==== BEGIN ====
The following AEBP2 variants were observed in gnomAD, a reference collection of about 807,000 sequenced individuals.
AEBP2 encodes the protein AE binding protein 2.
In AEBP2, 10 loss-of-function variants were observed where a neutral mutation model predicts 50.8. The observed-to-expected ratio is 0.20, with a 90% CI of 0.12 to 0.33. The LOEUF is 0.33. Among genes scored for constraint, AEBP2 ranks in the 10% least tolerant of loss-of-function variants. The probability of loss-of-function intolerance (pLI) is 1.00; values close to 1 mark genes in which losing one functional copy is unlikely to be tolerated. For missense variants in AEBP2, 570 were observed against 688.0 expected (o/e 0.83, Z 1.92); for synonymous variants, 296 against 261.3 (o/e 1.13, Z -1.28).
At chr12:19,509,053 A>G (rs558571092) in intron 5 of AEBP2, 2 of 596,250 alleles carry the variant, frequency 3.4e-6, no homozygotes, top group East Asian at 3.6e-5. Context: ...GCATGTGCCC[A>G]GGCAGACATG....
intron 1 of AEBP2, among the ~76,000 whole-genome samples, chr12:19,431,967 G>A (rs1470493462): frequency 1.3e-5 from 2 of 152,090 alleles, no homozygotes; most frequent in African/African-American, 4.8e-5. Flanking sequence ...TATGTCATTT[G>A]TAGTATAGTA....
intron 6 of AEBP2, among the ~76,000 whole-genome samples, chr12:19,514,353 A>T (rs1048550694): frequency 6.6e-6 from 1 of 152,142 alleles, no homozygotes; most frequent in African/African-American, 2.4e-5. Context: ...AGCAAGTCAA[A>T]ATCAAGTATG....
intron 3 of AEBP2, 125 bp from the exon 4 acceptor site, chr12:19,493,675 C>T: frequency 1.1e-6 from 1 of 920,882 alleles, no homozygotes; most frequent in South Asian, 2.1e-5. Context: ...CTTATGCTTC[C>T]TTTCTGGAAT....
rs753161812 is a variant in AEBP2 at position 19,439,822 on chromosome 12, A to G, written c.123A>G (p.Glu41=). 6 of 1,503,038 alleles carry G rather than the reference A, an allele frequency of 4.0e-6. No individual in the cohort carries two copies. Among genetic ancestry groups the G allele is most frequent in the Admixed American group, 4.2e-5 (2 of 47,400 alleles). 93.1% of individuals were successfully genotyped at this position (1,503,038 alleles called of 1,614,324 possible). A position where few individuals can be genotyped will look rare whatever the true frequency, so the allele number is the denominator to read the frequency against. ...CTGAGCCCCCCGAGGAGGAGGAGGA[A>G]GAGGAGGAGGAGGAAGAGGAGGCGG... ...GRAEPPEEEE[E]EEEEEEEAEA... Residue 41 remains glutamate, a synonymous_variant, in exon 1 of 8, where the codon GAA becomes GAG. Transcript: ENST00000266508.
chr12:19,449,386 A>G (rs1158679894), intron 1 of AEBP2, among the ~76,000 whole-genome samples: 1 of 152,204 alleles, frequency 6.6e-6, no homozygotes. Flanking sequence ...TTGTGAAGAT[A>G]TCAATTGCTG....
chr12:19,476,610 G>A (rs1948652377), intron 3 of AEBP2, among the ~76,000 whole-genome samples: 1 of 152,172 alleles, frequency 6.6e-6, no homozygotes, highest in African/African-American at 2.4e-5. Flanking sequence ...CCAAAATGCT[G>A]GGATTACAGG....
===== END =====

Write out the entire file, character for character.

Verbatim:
The following AEBP2 variants were observed in gnomAD, a reference collection of about 807,000 sequenced individuals.
AEBP2 encodes the protein AE binding protein 2.
In AEBP2, 10 loss-of-function variants were observed where a neutral mutation model predicts 50.8. The observed-to-expected ratio is 0.20, with a 90% CI of 0.12 to 0.33. The LOEUF is 0.33. Among genes scored for constraint, AEBP2 ranks in the 10% least tolerant of loss-of-function variants. The probability of loss-of-function intolerance (pLI) is 1.00; values close to 1 mark genes in which losing one functional copy is unlikely to be tolerated. For missense variants in AEBP2, 570 were observed against 688.0 expected (o/e 0.83, Z 1.92); for synonymous variants, 296 against 261.3 (o/e 1.13, Z -1.28).
At chr12:19,509,053 A>G (rs558571092) in intron 5 of AEBP2, 2 of 596,250 alleles carry the variant, frequency 3.4e-6, no homozygotes, top group East Asian at 3.6e-5. Context: ...GCATGTGCCC[A>G]GGCAGACATG....
intron 1 of AEBP2, among the ~76,000 whole-genome samples, chr12:19,431,967 G>A (rs1470493462): frequency 1.3e-5 from 2 of 152,090 alleles, no homozygotes; most frequent in African/African-American, 4.8e-5. Flanking sequence ...TATGTCATTT[G>A]TAGTATAGTA....
intron 6 of AEBP2, among the ~76,000 whole-genome samples, chr12:19,514,353 A>T (rs1048550694): frequency 6.6e-6 from 1 of 152,142 alleles, no homozygotes; most frequent in African/African-American, 2.4e-5. Context: ...AGCAAGTCAA[A>T]ATCAAGTATG....
intron 3 of AEBP2, 125 bp from the exon 4 acceptor site, chr12:19,493,675 C>T: frequency 1.1e-6 from 1 of 920,882 alleles, no homozygotes; most frequent in South Asian, 2.1e-5. Context: ...CTTATGCTTC[C>T]TTTCTGGAAT....
rs753161812 is a variant in AEBP2 at position 19,439,822 on chromosome 12, A to G, written c.123A>G (p.Glu41=). 6 of 1,503,038 alleles carry G rather than the reference A, an allele frequency of 4.0e-6. No individual in the cohort carries two copies. Among genetic ancestry groups the G allele is most frequent in the Admixed American group, 4.2e-5 (2 of 47,400 alleles). 93.1% of individuals were successfully genotyped at this position (1,503,038 alleles called of 1,614,324 possible). A position where few individuals can be genotyped will look rare whatever the true frequency, so the allele number is the denominator to read the frequency against. ...CTGAGCCCCCCGAGGAGGAGGAGGA[A>G]GAGGAGGAGGAGGAAGAGGAGGCGG... ...GRAEPPEEEE[E]EEEEEEEAEA... Residue 41 remains glutamate, a synonymous_variant, in exon 1 of 8, where the codon GAA becomes GAG. Transcript: ENST00000266508.
chr12:19,449,386 A>G (rs1158679894), intron 1 of AEBP2, among the ~76,000 whole-genome samples: 1 of 152,204 alleles, frequency 6.6e-6, no homozygotes. Flanking sequence ...TTGTGAAGAT[A>G]TCAATTGCTG....
chr12:19,476,610 G>A (rs1948652377), intron 3 of AEBP2, among the ~76,000 whole-genome samples: 1 of 152,172 alleles, frequency 6.6e-6, no homozygotes, highest in African/African-American at 2.4e-5. Flanking sequence ...CCAAAATGCT[G>A]GGATTACAGG....